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The Ohm 500
By Trista L. Pollard

1     The movement of an electrical current is similar to the fast paced flow of race cars on the Indianapolis Speedway. Both move at a certain speed along an unbroken path trying to reach their desired destination. For the electricity, it is your video game in your XBOX, and for the race car driver, it is the checkered flag at the finish line. During the 18th and 19th centuries there were many scientists in Europe who worked to discover the mysteries of electrical energy. It is their discoveries that have helped modern men and women to harness and control the power of electricity.
2     Although Benjamin Franklin was the most famous "electricity explorer," there were certain European scientists who expanded on his scientific findings. Franklin's creation of the lightning rod in 1752 had sparked the interest of scientists in Italy, France, and Germany. During the late 1700s and 1800s these scientists tried to figure out how to produce and control large amounts of electrical energy. This whole "electricity era" began with the hanging of frog legs from a balcony, but it ended with an important scientific law for measuring the flow of electrical current in a circuit.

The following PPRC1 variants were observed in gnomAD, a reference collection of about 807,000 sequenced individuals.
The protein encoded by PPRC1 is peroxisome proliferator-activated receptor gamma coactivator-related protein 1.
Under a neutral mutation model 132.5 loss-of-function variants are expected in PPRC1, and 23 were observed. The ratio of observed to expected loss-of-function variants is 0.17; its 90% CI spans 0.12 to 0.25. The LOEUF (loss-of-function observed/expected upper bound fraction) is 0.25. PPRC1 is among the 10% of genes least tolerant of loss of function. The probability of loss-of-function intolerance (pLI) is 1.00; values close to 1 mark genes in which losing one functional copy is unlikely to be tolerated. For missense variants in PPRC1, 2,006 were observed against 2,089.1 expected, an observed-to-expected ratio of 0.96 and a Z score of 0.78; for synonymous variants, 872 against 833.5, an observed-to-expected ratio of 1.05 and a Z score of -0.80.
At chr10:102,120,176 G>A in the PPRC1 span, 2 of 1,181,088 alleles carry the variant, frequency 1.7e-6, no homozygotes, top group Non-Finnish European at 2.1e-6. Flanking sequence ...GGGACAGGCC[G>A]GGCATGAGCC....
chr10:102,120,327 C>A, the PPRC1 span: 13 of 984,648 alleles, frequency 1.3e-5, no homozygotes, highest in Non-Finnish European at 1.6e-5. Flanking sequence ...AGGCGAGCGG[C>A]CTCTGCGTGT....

3     In 1786, Italian scientist Luigi Galvani tried to discover if lightning was truly the key or source for producing electricity. Prior to an approaching thunderstorm, Galvani took the legs of a dead frog, attached them to a metal hook, and suspended the hook from a metal railing of his balcony. He wanted to find out if lightning would produce electrical currents in the legs once the legs were struck by lightning bolts. However, before the storm could arrive, the legs jumped without assistance. After Galvani observed this phenomenon, he realized that the frog's nerves had caused the legs to move on their own. He theorized that a new type of electricity had been developed, and he called it animal electricity. People throughout Europe began to believe animal electricity was the secret to life. Scientists hurried to perform elaborate "electrical displays" to entertain the common masses. Now you know why Frankenstein had such a jolt when he woke up. Author Mary Shelley incorporated the scientific craze of the time into her famous novel. Today the word galvanic (after Galvani, of course) stands for the direct current of electricity that is produced chemically. Galvanize means to shock with an electric current and a galvanometer measures small electrical currents based on the mechanical effects that were produced by the current. I guess one could say that Galvani "galvanized" his frog's legs on the balcony.

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